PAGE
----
Friday, June 22, 2012

Little Dead Riding Hood






Another take on LRRH I haven't seen before but which makes a lot of sense: Dia de los Muertos (Mexican Day of the Dead) meets Red Riding Hood. (Not sure why it's cosplay, rather than just a Halloween costume idea.)

And, without too much hunting, I found a Snow White as well. (Gotta love the nod to going organic in this illustration!) But where's Sleeping Beauty?*


FYI a fascination with Dia de los Meurtos make-up is another of those surprising trends I've seen among fairy tale enthusiasts on Pinterest. It's not unusual to find more than a few examples of costume-like Dia de los Muertos make-up on our friend's boards, if they don't happen to have a whole board already dedicated that is. 



Also in this vein (oops, punny!) we find corpse brides (other than, but including, Tim Burton's Corpse Bride) as well as death and the maiden posters and illustrations, variations on Ophelia and other "beautiful dead". Even more interesting is that this is all quite separate from any zombie, vampire or gothic trends, though they sometimes overlap.

Fascinating, no?



Marigold by Syvia Ji
When you think about it, it's not that far fetched. Much of the Dia de los Muertos make-up and costumery walks the line between creepy and beautiful just as many fairy tales do. We often talk about the need for fairy tales with teeth but perhaps we should say "teeth and bones".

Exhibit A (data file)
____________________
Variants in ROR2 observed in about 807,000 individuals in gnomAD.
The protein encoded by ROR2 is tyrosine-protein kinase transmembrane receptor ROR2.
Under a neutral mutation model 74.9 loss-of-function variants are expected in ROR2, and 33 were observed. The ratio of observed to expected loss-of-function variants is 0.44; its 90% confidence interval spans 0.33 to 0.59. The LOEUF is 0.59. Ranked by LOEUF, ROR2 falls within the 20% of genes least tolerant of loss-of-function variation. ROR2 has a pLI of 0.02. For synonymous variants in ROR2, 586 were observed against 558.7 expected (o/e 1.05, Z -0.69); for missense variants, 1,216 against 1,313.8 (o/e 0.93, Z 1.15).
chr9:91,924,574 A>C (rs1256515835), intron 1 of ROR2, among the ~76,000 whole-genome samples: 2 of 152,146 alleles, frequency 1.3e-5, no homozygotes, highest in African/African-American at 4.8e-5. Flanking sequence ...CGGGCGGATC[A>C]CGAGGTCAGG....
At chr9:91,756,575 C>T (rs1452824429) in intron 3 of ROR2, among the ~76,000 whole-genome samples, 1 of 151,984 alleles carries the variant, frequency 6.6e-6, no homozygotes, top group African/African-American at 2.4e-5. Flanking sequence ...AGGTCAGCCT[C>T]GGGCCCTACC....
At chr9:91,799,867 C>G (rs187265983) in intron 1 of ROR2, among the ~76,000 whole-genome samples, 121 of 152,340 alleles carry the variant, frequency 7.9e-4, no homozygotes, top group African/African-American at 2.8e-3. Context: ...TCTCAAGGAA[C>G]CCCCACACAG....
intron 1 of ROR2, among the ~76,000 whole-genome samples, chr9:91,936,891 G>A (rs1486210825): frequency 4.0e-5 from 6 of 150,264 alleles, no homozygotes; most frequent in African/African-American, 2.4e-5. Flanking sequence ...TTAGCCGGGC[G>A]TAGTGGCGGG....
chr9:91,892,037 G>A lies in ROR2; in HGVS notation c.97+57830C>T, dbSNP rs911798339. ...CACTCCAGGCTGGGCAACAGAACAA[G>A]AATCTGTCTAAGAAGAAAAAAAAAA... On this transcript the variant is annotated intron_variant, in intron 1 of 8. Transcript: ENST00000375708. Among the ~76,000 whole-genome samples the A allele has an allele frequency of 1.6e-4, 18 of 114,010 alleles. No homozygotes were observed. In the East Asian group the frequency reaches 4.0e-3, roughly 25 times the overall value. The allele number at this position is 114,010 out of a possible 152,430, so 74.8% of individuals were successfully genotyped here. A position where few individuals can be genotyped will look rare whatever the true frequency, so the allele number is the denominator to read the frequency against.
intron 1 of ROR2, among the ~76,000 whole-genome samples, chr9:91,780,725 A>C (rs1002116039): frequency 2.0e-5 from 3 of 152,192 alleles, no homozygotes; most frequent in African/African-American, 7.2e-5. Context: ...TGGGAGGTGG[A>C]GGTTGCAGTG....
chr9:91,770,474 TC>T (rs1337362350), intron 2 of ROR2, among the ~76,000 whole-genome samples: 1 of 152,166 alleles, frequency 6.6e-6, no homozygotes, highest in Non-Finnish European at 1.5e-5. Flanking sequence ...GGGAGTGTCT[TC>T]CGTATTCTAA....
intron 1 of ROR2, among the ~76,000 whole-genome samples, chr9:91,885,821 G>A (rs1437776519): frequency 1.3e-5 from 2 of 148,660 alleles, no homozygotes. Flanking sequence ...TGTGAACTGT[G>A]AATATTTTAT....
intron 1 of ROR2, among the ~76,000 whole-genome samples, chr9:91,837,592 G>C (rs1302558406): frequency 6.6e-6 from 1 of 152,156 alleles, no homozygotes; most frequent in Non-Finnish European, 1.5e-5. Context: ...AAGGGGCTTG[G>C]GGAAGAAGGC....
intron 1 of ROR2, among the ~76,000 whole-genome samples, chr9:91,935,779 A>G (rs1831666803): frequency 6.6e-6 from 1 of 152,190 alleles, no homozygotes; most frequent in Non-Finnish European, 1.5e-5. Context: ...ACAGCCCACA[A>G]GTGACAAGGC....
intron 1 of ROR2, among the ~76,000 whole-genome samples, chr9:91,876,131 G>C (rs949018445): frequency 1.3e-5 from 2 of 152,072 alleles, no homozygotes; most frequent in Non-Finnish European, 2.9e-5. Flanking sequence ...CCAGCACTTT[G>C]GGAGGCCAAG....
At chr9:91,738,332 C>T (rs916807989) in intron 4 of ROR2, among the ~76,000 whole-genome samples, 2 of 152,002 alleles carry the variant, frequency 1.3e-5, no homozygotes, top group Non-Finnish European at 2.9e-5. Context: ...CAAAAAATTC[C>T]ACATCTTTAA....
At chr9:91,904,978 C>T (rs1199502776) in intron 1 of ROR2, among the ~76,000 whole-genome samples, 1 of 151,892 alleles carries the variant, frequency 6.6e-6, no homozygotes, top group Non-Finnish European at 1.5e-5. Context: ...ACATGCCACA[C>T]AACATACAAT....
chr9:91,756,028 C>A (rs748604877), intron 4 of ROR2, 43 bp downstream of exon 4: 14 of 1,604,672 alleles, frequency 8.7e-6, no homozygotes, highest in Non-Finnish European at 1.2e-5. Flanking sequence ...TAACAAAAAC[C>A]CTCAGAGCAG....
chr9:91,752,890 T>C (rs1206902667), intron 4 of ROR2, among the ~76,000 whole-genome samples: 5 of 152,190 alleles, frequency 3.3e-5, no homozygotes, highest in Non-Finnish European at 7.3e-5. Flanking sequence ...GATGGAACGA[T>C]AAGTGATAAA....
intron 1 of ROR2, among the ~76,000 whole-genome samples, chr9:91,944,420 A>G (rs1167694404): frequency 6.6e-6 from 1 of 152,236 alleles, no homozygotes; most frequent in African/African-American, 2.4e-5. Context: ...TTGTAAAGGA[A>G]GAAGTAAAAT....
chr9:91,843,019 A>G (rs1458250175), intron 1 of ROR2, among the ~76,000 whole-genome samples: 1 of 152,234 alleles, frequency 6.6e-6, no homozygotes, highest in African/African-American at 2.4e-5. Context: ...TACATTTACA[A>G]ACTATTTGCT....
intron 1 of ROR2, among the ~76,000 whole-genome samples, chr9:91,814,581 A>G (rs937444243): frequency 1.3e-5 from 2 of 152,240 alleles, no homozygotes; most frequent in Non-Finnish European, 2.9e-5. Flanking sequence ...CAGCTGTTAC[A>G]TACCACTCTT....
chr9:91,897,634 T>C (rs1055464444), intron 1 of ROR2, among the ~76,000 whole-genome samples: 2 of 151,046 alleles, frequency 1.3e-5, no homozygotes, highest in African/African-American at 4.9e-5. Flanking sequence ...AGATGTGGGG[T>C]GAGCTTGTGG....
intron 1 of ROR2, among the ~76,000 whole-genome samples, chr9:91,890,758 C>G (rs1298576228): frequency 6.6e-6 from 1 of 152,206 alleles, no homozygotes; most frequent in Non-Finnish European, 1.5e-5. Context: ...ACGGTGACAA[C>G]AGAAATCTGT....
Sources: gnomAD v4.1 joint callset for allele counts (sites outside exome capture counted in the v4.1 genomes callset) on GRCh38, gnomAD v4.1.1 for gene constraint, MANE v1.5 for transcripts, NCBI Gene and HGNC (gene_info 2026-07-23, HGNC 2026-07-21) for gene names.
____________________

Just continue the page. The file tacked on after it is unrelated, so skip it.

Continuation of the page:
I do feel we miss out on a lot when we're not surrounded by culture steeped in old tales and traditions. So many cultures have fairy tales that include the dead (and I mean regarding the heroes and heroines) and I don't think it's a coincidence that many of our better known/most loved tales deal with death in a fashion too. Unfortunately we're way too good at cleaning it up so we forget what we're looking at anymore. 


One of my favorite lesser-known fairy tales is The Singing Bone or The Twa Sisters. I've never read a retelling, though I did briefly sketch out the "bones" of a script a few years ago (sorry - apparently it's a punny day), which perhaps I should unearth again sometime. Now I can envision the whole story with a Dia de los Muertos style to it.

*I found one but it was just lines over a Disney drawing, not really a tale revisiting. Interestingly, the just released photo of Angelina Jolie as Maleficent, complete with horns kept surfacing in variations of this search.

3 comments:

  1. I love the Twa Sisters tale/folk song too. Jim Moray does a great cover song as 'Two Sisters' and Juliet Marillier uses the 'bone harp' idea in her books 'Wolfskin and 'foxmask'. Thanks for the interesting post (as always!)

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